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September 15, 2012 / Sandy Asher

REALLY READING THE NEWS

Democracy requires concerned, thoughtful citizens and well-informed voters.  Yet media bombard us with indiscriminate information, producing a feeling of being hurtled forward helplessly without rhyme or reason.  Readers, viewers, and surfers need to separate truth from chaff. 

Here’s a quick guide to really “reading” the news:

1. Be aware that most oddball stories serve primarily to entertain or shock. They’re marketing tools.  Events of long-term significance remain in the headlines for weeks, not days.  

2. Be cautious of generalizations or assertions that defy logic. Proponents of the Vietnam War warned if we didn’t defeat the enemy on his turf, we’d have to do it on ours.  What were the odds of the miniscule North Vietnamese navy or air force transporting its army to our shores? 

3. Be alert to ideological bias and objectives — to proselytize, defend the status quo, gain political office, cover up mistakes, and/or denigrate individuals or groups. Was the agenda offered up by a liberal, a conservative, a libertarian, a feminist or a misogynist, or on Fox or MSNBC?  Easiest to recognize are blatantly one-sided polemics, especially when they use inflammatory language to stir emotions and inspire fear.

4. Be certain that the best way to assess a news story’s content is to consult different reputable sources on the same topic – on TV, on-line, AND in print.

5. Be skeptical of expert predictions.  In his 2005 book Expert Political Judgment:  How Good Is It?  How Can We Know?, Philip E.Tetlock showed that when experts were asked to pick one of three options about the probabilities of the United States going to war in the Persian Gulf, they “performed worse than they would have if they had simply assigned equal probabilities to each of the three potential outcomes.” 

6. Be careful about accepting statistics at face value or as irrefutable proof. Mark Twain in his inimitable fashion reminds us: “There are lies, damn lies, and statistics.” A Gallup Poll taken March 20-26 showed a 9% shift toward Obama among women 18 to 49. A second Gallup Poll taken at roughly the same time reported Obama’s favorability numbers for the same group fell by 4%. At best, statistics provide a still life of what the subjects thought at the moment. At worst, they frame questions to get the answers desired.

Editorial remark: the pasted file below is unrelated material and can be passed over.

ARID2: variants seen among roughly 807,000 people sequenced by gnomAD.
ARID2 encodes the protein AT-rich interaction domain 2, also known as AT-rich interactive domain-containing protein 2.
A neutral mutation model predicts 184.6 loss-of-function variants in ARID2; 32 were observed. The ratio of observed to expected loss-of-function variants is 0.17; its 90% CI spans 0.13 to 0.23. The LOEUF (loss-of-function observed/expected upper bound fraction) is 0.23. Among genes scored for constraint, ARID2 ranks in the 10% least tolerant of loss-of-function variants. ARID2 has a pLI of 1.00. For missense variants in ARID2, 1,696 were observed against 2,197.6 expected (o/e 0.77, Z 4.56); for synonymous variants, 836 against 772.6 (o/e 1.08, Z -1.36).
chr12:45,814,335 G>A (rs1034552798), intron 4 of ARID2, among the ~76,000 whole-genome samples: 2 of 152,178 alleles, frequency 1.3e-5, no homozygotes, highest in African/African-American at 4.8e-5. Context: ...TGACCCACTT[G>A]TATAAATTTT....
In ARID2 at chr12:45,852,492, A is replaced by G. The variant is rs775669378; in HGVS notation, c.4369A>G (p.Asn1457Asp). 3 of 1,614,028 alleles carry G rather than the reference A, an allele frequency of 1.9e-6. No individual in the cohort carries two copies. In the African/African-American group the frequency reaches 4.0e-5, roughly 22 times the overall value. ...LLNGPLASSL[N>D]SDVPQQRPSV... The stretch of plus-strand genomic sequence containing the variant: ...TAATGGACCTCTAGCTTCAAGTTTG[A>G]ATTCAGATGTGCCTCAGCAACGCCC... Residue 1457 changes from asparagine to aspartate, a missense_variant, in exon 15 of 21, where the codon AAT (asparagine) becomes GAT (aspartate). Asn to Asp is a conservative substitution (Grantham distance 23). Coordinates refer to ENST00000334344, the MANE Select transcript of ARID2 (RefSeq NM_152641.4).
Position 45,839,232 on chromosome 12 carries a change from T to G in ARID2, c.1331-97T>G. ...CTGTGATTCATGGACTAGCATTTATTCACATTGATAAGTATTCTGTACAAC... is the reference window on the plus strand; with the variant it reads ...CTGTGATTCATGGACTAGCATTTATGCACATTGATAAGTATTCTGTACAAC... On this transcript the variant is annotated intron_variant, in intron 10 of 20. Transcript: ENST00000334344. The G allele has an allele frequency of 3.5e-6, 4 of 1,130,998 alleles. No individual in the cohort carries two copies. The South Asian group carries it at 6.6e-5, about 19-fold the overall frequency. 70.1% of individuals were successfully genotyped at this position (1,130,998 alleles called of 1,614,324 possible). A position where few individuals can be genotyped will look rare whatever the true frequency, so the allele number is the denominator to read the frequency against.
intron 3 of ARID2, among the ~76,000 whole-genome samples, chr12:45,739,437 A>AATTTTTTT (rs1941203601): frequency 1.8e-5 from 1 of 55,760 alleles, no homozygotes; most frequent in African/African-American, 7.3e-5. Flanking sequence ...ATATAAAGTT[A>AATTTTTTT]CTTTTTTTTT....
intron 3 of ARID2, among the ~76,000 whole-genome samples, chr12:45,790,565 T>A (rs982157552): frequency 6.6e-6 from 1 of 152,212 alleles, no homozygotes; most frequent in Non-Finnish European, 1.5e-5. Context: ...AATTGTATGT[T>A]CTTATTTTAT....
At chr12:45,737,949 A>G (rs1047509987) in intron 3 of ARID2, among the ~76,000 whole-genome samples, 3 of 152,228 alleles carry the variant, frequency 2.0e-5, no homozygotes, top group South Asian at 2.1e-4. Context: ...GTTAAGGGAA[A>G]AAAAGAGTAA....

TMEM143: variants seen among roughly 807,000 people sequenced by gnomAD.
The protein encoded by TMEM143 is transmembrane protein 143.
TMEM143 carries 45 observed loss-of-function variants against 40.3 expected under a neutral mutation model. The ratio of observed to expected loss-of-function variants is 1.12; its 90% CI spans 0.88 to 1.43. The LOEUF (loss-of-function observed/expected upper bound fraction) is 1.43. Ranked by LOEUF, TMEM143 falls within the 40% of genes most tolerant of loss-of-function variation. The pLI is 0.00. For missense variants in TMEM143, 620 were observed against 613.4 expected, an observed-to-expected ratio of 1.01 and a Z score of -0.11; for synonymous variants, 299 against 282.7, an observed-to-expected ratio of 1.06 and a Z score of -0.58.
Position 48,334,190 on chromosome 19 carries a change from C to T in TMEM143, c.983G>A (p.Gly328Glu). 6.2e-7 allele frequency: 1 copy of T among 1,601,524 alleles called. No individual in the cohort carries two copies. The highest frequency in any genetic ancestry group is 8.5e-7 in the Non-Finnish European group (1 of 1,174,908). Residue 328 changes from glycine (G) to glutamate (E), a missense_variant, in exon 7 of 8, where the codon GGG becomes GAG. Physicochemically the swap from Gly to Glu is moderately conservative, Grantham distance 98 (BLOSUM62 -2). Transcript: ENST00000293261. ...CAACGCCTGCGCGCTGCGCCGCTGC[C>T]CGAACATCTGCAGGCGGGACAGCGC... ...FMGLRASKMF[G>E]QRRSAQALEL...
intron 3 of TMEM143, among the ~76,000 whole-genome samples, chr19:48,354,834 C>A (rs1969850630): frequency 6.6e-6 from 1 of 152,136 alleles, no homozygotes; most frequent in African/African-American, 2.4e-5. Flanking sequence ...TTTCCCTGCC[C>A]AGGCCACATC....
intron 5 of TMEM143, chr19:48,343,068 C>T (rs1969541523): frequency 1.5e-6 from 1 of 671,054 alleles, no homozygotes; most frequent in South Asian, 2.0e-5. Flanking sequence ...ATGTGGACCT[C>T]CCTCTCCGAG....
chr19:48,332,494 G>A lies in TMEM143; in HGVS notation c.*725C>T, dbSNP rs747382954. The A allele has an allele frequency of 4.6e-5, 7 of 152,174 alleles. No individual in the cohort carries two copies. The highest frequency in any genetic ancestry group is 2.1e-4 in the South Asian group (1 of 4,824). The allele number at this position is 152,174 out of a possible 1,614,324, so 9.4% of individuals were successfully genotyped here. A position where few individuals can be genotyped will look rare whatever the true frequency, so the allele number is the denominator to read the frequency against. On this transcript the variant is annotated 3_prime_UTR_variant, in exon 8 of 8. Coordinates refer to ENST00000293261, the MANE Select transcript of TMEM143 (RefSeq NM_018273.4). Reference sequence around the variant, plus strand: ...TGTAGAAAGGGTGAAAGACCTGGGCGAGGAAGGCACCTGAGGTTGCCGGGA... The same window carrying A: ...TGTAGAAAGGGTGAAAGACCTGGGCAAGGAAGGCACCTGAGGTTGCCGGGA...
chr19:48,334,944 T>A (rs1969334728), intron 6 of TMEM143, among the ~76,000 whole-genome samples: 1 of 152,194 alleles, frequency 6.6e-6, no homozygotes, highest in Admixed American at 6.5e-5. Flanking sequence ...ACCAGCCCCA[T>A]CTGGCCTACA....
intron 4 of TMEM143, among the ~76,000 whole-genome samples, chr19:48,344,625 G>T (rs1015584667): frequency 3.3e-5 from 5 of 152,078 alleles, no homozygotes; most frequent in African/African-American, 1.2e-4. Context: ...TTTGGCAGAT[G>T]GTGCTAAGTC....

7. Be ready to decode agendas concealed by language, such as the phrase “the American people believe.” “The American people” refers to a non-existent, like-minded group.  The phrase avoids serious discussion of disagreements.  Individuals “believe,” “understand,” and “demand.”  The American people rarely even “agree.”

8. Be wary of linguistic minefieldsMconsisting of wishes and opinions stated as fact.  Look for words such as would, should, ought and must; phrases and sentences beginning with the likes of it is our duty or our national interest requires; as well as adjectives, adverbs, and especially superlatives.  “Ours is the greatest country on earth” is an opinion.  “Ours is a country on earth” is a fact.

9. Be tuned to the mindset of those who cite small flaws in a policy to challenge all aspects of that policy. Mistakes made, say, in health care reform must be weighed against the alternative of doing nothing.  Mistakes can be corrected.  Throwing out the baby with the bathwater is reckless.

10. Be on guard for scapegoating, as when, for example, individuals or groups criticize the federal government non-stop for doing too much or too little, too late or too inefficiently, and/or single out government as responsible for all the country’s problems. Finding a scapegoat assures that the real problem will not be addressed.

11. Be dubious of those who claim that, left to their own devices, people will do the right thing for themselves, their neighbors, and the nation. This outlook perilously ignores American history and all literature on the dynamics of human behavior. 

12.  Be assured that simplistically diagnosed problems guarantee simplistic solutions.  Simplicity may score political points with frustrated constituents, but quick fixes make less urgent the need – and the willingness — to search for more comprehensive and lasting solutions.